The new bill would extend federal alt-fuel related tax credits at their current level for 2018 and 2019. 
 -  Photo: Clean Energy Fuels

The new bill would extend federal alt-fuel related tax credits at their current level for 2018 and 2019.

Photo: Clean Energy Fuels

A bipartisan push is under way on Capitol Hill to extend through this year certain tax credits that promote the adoption of alternatively powered vehicles.

These include an excise tax credit of $0.50 per gallon on alternative fuels; a tax credit of $1 per gallon on biodiesel and renewable diesel; a credit for purchasing new, qualified fuel-cell motor vehicles; and a credit for installing alternative fuel vehicle-refueling property.

Legislation authorizing those and a laundry list of other tax credits is necessary because the prior Congress failed to extend the credits before they expired by the end of last year.

The new bill, the Tax Extender and Disaster Relief Act of 2019, was introduced on Feb. 28 by Senate Finance Committee Chairman Chuck Grassley (R-IA) and the committee’s Ranking Member Ron Wyden (D-OR). The measure would extend credits at their current level for 2018 and 2019. There are currently 26 provisions that expired at the end of 2017 and three others that expired at the end of 2018.

Here is the specific language of the bill regarding the biodiesel fuel, fuel-cell vehicle, and vehicle-refueling credits:

  • Excise tax credits relating to alternative fuels: The provision provides through 2019 a $0.50-per-gallon excise-tax credit or payment for alternative fuel and a $0.50-per-gallon credit for alternative fuel mixed with traditional fuel. The alternative fuel credit is for fuel used in a motor vehicle, motor boat, or airplane and the mixture credit is not limited to transportation. Additionally, the provision modifies the mixture component of the credit by specifying that liquefied petroleum gas, compressed or liquefied natural gas, and compressed or liquefied gas derived from biomass, are not eligible to be included in an alternative fuel mixture.
  • Biodiesel and renewable diesel incentives: The provision extends through 2019 a $1.00-per-gallon tax credit for biodiesel and biodiesel mixtures, and the small agri-biodiesel producer credit of 10 cents per gallon. Additionally, the provision treats renewable diesel the same as biodiesel, except there is no small producer credit. The credit may be taken as an income tax credit, and the mixture credit may be taken as an excise tax payment or credit.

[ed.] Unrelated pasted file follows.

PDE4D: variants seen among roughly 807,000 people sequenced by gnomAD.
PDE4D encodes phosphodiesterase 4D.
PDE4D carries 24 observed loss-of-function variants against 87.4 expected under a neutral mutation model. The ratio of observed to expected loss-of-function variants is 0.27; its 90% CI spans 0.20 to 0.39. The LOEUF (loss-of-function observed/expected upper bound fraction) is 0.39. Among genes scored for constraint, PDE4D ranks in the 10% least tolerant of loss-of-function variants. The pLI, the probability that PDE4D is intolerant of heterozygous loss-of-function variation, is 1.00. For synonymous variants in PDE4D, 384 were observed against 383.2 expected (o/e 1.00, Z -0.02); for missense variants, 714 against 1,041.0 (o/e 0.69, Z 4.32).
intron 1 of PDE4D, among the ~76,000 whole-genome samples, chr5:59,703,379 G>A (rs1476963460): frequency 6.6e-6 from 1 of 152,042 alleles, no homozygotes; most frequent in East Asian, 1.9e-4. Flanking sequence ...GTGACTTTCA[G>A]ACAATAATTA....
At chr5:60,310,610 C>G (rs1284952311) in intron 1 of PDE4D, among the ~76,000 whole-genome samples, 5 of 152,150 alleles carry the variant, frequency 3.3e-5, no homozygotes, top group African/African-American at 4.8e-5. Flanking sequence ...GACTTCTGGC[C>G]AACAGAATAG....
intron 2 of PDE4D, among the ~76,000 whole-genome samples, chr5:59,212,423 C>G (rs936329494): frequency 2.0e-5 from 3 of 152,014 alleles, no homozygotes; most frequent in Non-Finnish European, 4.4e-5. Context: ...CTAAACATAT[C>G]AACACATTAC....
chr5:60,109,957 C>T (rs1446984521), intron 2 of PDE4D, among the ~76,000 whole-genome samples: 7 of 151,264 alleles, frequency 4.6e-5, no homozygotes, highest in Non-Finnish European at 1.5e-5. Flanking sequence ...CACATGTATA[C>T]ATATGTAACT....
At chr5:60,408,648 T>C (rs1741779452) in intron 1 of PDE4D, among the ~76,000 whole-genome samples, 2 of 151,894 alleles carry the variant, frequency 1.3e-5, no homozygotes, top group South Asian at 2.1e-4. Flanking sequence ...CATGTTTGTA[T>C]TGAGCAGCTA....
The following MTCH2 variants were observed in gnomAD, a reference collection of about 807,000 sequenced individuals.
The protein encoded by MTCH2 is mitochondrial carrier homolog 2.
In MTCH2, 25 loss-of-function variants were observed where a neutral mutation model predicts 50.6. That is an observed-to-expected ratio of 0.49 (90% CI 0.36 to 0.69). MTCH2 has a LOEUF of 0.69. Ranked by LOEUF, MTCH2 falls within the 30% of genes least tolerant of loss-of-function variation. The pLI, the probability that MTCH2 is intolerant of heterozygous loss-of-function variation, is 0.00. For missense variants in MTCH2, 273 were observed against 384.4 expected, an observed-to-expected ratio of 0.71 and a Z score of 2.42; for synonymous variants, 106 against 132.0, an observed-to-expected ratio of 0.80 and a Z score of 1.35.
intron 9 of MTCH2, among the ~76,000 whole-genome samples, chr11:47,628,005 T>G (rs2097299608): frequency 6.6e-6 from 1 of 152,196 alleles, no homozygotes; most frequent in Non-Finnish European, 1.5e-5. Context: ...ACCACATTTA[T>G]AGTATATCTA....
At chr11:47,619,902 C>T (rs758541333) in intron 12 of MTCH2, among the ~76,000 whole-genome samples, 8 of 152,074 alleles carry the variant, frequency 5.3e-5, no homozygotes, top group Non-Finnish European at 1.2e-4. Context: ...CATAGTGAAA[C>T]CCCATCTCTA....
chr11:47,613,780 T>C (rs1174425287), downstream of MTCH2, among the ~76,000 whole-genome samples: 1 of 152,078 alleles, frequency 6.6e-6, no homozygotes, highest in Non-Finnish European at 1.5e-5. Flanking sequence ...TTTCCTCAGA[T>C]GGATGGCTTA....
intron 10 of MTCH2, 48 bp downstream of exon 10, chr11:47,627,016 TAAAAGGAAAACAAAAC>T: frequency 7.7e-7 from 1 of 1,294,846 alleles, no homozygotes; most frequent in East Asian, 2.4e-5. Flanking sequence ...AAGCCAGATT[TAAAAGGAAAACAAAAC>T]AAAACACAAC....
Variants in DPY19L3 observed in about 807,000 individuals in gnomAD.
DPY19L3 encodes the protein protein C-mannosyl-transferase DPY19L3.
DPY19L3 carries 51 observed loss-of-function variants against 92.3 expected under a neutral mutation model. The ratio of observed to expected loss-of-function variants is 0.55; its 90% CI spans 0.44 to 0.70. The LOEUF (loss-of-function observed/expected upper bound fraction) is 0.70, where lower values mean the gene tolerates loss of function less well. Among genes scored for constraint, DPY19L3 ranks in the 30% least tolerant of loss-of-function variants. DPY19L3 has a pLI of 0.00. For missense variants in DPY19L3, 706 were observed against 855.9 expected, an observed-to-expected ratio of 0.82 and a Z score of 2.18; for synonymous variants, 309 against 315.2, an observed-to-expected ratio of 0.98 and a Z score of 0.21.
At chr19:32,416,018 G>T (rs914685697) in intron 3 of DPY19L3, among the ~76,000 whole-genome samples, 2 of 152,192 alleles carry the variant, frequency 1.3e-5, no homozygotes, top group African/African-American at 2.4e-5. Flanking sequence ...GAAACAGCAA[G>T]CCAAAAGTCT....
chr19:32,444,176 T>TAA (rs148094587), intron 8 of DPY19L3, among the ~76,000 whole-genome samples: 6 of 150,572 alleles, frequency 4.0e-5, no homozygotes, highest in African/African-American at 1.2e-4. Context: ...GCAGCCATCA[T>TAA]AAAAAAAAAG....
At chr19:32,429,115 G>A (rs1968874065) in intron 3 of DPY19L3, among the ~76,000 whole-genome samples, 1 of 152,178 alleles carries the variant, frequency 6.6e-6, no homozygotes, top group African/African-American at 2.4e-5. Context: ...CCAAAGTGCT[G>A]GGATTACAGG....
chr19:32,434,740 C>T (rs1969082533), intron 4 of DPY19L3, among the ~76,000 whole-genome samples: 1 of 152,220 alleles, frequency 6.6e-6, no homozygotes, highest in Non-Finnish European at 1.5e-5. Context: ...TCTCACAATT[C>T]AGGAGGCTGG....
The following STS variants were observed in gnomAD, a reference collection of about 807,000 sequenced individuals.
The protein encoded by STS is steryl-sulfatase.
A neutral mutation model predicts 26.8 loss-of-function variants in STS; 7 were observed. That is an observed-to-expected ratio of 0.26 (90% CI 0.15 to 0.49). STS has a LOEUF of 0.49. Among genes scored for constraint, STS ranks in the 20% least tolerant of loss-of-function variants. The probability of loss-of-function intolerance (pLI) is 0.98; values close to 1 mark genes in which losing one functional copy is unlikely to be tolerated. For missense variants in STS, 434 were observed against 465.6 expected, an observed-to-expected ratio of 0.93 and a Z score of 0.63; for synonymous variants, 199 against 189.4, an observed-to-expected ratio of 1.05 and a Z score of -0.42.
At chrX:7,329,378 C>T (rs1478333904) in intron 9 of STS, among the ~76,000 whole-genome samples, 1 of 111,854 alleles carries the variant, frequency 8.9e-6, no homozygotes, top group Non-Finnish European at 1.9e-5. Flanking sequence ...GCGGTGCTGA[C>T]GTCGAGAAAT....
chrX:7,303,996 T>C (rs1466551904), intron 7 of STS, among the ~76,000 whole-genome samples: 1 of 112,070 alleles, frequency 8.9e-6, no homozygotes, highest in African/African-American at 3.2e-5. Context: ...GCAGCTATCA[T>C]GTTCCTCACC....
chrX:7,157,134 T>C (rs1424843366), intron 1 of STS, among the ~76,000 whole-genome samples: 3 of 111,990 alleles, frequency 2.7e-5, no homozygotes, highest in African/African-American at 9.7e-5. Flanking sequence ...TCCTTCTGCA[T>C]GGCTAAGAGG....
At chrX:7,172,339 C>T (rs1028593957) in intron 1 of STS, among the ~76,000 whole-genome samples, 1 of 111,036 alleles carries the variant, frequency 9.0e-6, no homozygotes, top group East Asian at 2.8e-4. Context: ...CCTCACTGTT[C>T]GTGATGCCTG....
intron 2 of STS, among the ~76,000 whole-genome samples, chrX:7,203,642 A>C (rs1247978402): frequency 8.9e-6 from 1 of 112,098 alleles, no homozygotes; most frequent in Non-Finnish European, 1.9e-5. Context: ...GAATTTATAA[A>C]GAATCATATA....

• Credit for new qualified fuel-cell motor vehicles: The provision extends through 2019 a credit for purchases of new qualified fuel cell motor vehicles. The provision allows a credit of between $4,000 and $40,000, depending on the weight of the vehicle, for the purchase of such vehicles. Other vehicles, depending on their fuel efficiency, qualify for an additional $1,000 to $4,000 credit.
  • Credit for alternative fuel vehicle refueling property: The provision extends through 2019 a credit for the installation of alternative fuel vehicle refueling property placed in service before 2020 Available for property that dispenses alternative fuels including ethanol, biodiesel, natural gas, hydrogen, and electricity, the credit is capped at $30,000 per location for business property and $1,000 for property installed at a principal residence.

“Congress needs to get out of this bad habit of regular retroactive extensions of these tax provisions,” said Sen. Grassley in a joint statement. “The whole point of these federal tax incentives is to encourage certain behaviors, especially investments in alternative energies, energy efficiency and transportation. The best way to do that is ahead of time, not retroactively.

Grassely added that many business decisions were made last year based on the “reasonable expectation that they [tax credits] would be extended, since it’s what Congress has consistently done in the past. I hope the House of Representatives acts soon since taxpayers affected by these expired provisions have to file their tax returns in the coming weeks. Thousands of jobs across the country depend on it.”

“It’s important this is a two-year bill covering 2019, and it includes key renewable energy incentives I’m proud to fight for,” said Sen. Widen. “Filing season for 2018 is already underway, so the Congress should act on this quickly.”

Natural-gas vehicle advocacy group NGV America along with nearly 700 users, retailers, customers, fleet managers, utilities, and producers of alternative transportation fuels have lobbied Congress to reinstate the alternative-fuels tax credit, which allows for the offer $.50 per gasoline gallon equivalent (GGE) credit on certain transportation fuels.

A letter the groups have sent to the Senate and House finance committee leaders contends that extending the AFTC will bring “significant environmental benefits, improved air quality, and enhance our energy independence by lowering our dependence on foreign oil. Renewal of the AFTC also promotes increased private-sector investment in infrastructure and equipment, which leads to more jobs and economic output.”

Originally posted on Trucking Info

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David Cullen

David Cullen

[Former] Business/Washington Contributing Editor

David Cullen comments on the positive and negative factors impacting trucking – from the latest government regulations and policy initiatives coming out of Washington DC to the array of business and societal pressures that also determine what truck-fleet managers must do to ensure their operations keep on driving ahead.

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